Customers prefer to shop and compare across multiple platforms
With the maturity of various e-commerce ecosystems, customers’ daily online shopping behavior and amount of screen time hours have become increasingly scattered. Diversified consumption scenarios mean consumers are no longer limited to only a few specific platforms.
When customer traffic to a brand becomes scattered, brands cannot rely on a single sales channel or social media platform to achieve their marketing and sales purposes.
Brands are allocating their marketing efforts to adopt emerging social media channels while building a presence on mainstream e-commerce marketplaces like Tmall Global and JD. They are embracing omnichannel strategies to increase the brand user base and amplify brand impressions through a variety of marketing tactics like short videos, content seeding and collaboration with influencers.
Livestreaming still remains a popular
Livestream shopping is an indispensable channel for Chinese customers’ online consumption. Especially for Generation Z’ers and millennials, social content like livestreaming and short videos are more intriguing to consume.
On Sept. 20, one of China’s top livestream influencers, “Lipstick King” Austin Li finally returned to his livestream show on Alibaba’s Taobao platform. That livestream session attracted 63 million viewers without any advance previews, bringing the industry and customers’ attention to himself and Taobao Live again after his three-month absence.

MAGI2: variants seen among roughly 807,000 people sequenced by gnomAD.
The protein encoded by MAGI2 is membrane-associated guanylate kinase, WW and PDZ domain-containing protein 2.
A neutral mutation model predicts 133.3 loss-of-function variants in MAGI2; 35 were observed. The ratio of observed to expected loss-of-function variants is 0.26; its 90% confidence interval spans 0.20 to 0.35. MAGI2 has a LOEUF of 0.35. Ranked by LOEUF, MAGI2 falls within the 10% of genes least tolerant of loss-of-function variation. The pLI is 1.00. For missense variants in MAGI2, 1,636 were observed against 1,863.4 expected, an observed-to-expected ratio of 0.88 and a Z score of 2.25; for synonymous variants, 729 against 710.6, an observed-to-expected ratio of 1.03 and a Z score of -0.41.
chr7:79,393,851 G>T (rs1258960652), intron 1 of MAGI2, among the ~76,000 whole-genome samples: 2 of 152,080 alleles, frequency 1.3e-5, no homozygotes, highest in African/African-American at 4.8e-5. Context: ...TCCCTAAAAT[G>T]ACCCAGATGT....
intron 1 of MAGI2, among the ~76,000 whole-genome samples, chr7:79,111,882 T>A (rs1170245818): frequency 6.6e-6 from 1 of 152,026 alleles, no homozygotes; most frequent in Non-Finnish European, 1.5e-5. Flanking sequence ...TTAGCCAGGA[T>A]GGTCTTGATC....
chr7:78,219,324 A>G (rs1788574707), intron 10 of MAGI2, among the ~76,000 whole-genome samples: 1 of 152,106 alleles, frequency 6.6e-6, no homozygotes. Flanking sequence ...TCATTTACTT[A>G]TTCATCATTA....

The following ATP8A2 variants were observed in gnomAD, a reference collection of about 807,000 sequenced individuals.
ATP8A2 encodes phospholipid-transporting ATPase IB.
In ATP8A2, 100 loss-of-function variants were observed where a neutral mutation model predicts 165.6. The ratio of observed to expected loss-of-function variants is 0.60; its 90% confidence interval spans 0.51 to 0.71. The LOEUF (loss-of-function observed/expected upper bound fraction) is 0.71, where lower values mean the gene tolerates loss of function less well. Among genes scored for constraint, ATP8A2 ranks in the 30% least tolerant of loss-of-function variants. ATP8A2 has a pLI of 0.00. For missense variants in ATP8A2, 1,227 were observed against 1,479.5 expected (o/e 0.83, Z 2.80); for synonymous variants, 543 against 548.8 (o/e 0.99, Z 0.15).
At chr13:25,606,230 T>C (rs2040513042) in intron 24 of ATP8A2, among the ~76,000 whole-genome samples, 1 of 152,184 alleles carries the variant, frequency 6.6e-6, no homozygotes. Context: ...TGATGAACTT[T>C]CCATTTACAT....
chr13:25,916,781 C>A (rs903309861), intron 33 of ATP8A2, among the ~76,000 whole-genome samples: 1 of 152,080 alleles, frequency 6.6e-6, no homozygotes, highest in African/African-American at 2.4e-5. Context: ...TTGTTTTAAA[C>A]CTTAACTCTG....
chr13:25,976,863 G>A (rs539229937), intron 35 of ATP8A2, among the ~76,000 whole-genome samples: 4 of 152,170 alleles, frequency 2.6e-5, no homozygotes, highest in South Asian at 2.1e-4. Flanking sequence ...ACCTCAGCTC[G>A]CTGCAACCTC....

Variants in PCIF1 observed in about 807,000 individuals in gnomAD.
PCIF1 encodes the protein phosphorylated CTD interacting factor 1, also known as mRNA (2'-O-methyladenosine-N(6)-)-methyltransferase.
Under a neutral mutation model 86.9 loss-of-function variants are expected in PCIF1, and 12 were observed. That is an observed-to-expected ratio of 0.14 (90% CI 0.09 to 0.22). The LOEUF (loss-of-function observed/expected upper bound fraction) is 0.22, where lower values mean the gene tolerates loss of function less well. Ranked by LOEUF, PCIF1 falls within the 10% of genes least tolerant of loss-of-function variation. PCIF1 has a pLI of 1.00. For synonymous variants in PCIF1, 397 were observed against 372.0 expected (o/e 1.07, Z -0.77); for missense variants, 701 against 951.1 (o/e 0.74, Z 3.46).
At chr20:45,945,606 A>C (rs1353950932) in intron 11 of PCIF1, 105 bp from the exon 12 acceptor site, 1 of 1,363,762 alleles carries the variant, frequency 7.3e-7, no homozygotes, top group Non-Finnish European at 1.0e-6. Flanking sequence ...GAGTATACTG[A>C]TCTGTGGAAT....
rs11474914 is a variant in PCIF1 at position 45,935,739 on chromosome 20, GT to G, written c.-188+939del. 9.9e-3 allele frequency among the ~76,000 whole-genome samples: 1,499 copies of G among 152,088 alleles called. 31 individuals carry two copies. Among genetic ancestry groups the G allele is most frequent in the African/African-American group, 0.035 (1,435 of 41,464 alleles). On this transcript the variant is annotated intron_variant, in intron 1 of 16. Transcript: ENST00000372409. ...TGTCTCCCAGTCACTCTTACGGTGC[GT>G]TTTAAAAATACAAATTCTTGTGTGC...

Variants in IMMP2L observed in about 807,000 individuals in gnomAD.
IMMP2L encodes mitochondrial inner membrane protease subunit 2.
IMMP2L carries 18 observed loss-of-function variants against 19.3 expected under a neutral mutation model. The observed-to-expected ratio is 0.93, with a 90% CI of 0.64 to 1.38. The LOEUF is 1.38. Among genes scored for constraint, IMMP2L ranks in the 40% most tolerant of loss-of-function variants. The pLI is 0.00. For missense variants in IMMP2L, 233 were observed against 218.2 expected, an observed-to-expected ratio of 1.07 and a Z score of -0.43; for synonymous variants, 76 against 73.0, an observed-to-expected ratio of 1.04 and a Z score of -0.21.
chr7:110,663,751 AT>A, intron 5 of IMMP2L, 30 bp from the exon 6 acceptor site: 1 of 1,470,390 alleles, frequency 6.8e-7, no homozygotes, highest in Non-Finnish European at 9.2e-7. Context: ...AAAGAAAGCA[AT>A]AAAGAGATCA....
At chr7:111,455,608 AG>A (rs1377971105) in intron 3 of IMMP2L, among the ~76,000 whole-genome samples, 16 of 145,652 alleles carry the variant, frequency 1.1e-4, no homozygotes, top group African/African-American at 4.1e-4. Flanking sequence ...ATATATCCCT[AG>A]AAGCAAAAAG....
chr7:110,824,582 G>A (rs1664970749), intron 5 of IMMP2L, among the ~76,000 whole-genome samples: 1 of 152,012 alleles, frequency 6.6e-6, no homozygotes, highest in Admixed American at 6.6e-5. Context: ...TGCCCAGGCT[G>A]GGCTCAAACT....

Following Taobao, all other e-commerce players have unveiled a suite of initiatives to empower merchants on their platforms to participate and draw in potential customers. The suite often includes supportive mechanisms like platform traffic incentives, discovery page exclusive recommendation rewards, and livestream traffic subsidies.
Short-form videos will play an even bigger role
JD.com announced a significant overhaul in March, with the introduction of short videos as the primary format for product information on the JD.com app, progressively taking the place of text and photographs. In addition to JD.com, online platforms Tmall and Pinduoduo have also increased the exposure of short-video content on their homepages since 2021.
Notably, thanks to the platform’s wildly popular short-form video content, Douyin is rapidly eroding market share from mainstream e-commerce giants, Alibaba’s Taobao Tmall and JD.com.
Short-form video is gradually becoming a trend, gaining more and more weight on major e-commerce platforms in terms of exposure opportunities to drive product discovery and sales conversions.
Franklin Chu is managing director U.S. for Azoya International, a provider of turnkey cross-border e-commerce solutions to assist retailers looking to expand into China through a cost-effective and lower risk method. To date, over 35 retailers in 11 countries are partnering with Azoya to expand into China.